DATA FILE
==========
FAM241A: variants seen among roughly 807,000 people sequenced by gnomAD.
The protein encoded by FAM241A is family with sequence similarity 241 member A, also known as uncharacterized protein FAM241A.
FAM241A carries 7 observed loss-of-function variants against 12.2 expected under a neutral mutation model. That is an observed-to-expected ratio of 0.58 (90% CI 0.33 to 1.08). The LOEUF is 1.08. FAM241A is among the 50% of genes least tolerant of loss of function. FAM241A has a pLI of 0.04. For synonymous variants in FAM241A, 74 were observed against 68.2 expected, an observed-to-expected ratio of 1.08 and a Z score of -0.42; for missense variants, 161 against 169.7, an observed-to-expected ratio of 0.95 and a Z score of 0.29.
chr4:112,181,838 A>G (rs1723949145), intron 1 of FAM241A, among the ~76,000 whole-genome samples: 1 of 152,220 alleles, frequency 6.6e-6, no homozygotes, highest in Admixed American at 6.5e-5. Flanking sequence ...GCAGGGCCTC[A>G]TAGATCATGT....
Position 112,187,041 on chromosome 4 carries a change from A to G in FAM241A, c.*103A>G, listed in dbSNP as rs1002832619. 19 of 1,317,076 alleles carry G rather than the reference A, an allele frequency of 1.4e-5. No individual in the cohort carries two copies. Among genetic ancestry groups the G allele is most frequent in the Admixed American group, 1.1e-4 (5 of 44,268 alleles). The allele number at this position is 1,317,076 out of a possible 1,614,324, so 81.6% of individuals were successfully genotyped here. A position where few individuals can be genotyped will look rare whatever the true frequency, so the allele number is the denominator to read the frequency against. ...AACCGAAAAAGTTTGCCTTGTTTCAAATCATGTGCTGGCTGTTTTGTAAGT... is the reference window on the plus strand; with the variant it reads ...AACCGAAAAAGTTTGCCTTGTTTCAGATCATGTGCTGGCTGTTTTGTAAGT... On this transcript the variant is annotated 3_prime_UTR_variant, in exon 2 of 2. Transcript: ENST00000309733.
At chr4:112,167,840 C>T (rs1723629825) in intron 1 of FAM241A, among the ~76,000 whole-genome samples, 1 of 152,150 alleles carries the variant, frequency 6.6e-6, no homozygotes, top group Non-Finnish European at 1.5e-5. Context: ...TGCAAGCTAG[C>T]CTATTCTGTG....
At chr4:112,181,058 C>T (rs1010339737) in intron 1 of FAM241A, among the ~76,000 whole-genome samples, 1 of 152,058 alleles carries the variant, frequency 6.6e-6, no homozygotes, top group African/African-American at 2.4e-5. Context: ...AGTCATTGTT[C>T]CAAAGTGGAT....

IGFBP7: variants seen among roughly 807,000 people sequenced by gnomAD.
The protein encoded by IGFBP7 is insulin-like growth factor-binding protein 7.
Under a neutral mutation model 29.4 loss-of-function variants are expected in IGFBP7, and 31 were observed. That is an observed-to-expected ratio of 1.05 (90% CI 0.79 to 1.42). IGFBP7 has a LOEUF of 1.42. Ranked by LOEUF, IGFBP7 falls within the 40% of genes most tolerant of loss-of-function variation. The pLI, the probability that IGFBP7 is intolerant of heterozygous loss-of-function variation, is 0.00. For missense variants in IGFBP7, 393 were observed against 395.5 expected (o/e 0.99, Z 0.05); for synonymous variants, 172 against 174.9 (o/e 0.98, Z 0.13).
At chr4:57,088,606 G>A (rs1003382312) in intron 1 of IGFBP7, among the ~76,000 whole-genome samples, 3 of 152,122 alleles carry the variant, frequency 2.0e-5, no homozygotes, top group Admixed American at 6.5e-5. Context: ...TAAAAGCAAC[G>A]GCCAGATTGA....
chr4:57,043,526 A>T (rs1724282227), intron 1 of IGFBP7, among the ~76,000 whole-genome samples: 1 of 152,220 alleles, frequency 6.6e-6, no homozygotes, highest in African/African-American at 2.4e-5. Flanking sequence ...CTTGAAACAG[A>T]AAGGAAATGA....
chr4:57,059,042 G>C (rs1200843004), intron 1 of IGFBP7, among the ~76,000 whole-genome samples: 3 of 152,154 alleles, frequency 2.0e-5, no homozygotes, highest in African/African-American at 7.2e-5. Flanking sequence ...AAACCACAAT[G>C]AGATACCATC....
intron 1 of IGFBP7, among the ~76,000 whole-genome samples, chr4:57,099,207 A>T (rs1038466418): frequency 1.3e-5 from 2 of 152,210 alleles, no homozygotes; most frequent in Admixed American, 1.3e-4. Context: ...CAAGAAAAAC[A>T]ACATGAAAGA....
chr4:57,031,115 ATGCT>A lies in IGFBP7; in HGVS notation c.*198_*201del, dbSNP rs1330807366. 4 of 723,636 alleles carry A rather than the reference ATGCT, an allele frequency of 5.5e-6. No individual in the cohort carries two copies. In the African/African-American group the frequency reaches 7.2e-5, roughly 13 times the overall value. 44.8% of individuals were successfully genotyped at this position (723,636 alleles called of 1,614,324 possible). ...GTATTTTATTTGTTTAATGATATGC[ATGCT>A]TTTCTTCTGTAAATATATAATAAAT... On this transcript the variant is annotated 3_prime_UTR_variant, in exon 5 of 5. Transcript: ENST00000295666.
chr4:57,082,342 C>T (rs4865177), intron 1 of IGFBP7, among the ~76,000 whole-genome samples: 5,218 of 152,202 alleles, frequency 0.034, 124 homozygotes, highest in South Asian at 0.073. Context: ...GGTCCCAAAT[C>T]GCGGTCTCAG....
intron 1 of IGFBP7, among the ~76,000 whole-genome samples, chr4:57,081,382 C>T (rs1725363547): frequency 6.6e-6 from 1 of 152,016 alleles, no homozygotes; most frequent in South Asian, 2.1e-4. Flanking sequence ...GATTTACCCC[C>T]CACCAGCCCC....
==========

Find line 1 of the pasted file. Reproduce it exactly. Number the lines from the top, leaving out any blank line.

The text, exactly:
FAM241A: variants seen among roughly 807,000 people sequenced by gnomAD.